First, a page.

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Yes, to both. The plan is to see the 1979 version tonight; the '90s version is on request at the library, but hopefully I can get it for tomorrow. I may even see an episode or two of the TV series 'Hannay', if I get a chance.

I've never read any Buchan, so I can't vouch for how faithful any of these films are against the source, although at the moment I'm more interested in how well they stack up against Hitchcock.
(04-25-2018, 02:03 PM)Neglify Wrote: [ -> ]All this talk about Hitch's "Man Who Knew Too Much" made me remember I made a list about Directors Who Remade Their Own Films. It was fascinating to research, check it out.

That's very cool. Gotta check some of those out sometime.
(04-25-2018, 02:03 PM)Neglify Wrote: [ -> ]All this talk about Hitch's "Man Who Knew Too Much" made me remember I made a list about Directors Who Remade Their Own Films. It was fascinating to research, check it out.

Interesting list. I got the J'Accuse' (1938) blu-ray a while back but haven't watched it yet. I'm going to watch 'Destry Rides Again' soon and have it on a James Stewart Western boxset.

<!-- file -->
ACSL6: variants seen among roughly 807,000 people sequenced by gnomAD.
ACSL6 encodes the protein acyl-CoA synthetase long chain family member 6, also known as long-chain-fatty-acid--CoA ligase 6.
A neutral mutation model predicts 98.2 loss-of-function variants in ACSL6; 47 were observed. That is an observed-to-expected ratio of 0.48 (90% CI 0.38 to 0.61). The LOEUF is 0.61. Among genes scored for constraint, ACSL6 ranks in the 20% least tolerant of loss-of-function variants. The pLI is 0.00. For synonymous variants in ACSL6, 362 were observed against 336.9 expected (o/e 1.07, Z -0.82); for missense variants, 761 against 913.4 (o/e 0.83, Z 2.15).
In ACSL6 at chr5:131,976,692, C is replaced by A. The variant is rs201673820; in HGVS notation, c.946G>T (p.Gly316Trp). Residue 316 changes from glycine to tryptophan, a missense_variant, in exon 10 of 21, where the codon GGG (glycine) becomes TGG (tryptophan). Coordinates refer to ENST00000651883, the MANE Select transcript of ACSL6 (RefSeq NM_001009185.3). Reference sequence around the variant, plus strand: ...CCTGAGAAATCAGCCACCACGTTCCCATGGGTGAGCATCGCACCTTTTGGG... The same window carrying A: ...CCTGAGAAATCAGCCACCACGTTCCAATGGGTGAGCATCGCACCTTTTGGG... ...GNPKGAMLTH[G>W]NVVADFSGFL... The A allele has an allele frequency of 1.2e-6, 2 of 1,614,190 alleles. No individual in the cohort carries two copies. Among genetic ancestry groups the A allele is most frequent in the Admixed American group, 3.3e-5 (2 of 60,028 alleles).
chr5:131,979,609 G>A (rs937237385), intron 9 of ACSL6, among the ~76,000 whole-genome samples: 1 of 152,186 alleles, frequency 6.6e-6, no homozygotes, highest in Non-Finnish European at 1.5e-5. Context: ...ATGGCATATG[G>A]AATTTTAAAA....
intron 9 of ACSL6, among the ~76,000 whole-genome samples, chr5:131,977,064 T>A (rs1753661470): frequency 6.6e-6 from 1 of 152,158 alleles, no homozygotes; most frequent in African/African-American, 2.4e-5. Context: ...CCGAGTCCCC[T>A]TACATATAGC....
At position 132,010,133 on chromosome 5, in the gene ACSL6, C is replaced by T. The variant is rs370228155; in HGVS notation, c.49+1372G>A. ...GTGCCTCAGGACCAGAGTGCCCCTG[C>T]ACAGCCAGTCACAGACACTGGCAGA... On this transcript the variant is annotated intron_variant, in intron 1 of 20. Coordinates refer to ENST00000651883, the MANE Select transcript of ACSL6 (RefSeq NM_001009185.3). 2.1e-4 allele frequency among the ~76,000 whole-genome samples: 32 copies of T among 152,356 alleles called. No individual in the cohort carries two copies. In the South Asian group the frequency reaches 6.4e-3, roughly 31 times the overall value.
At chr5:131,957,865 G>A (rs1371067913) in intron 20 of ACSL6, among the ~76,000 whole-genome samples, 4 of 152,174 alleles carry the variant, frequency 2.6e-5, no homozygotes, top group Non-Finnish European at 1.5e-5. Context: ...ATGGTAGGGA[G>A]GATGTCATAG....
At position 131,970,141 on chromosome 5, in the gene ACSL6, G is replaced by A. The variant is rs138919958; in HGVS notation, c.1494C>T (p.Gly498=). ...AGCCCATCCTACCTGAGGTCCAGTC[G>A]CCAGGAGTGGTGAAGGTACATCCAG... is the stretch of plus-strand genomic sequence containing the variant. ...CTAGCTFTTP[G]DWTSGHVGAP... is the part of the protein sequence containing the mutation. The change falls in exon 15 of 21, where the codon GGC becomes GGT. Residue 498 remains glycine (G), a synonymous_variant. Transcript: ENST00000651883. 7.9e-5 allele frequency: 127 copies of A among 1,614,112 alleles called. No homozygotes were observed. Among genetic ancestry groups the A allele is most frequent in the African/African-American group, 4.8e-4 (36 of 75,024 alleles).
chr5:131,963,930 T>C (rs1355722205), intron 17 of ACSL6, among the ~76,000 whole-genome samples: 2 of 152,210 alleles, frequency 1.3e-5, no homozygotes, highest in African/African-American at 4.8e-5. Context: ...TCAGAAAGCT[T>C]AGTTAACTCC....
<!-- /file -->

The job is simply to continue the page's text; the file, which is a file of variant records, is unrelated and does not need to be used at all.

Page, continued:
Arguably Hitchcock loosely remade his "wrong man on the run" type thriller many, many times.
BONUS: 'The Thirty Nine Steps' [1978]
Source: DVD

I'm going to assume that this version is possibly the most faithful to its source novel so far, on account of the fact that it bears no resemblance to the two earlier adaptations. Assume, as I have never read Buchan's work. Unfortunately, in this case, most faithful also equates to least interesting.

So, no Mr. Memory and no handcuffing to beautiful yet reluctant women in this rather sombre affair. The only similarities, baring obvious ones like the main character's name and his being chased through Scotland, are the train sequence and the political rally. Even then, Hitchcock's original surpasses them. Here, Hannay leaves the train when it is stopped abruptly on a bridge (no escaping through the door of a speeding carriage), and the political rally is played straight-faced all the way. You could argue that there are a couple of nods to Hitchcock hidden in this version (Hannay's cursing is drowned out and cut to a train whistle, and he is later buzzed by a small plane as he runs across the moors, a la 'North by Northwest'), but otherwise it is very much its own version.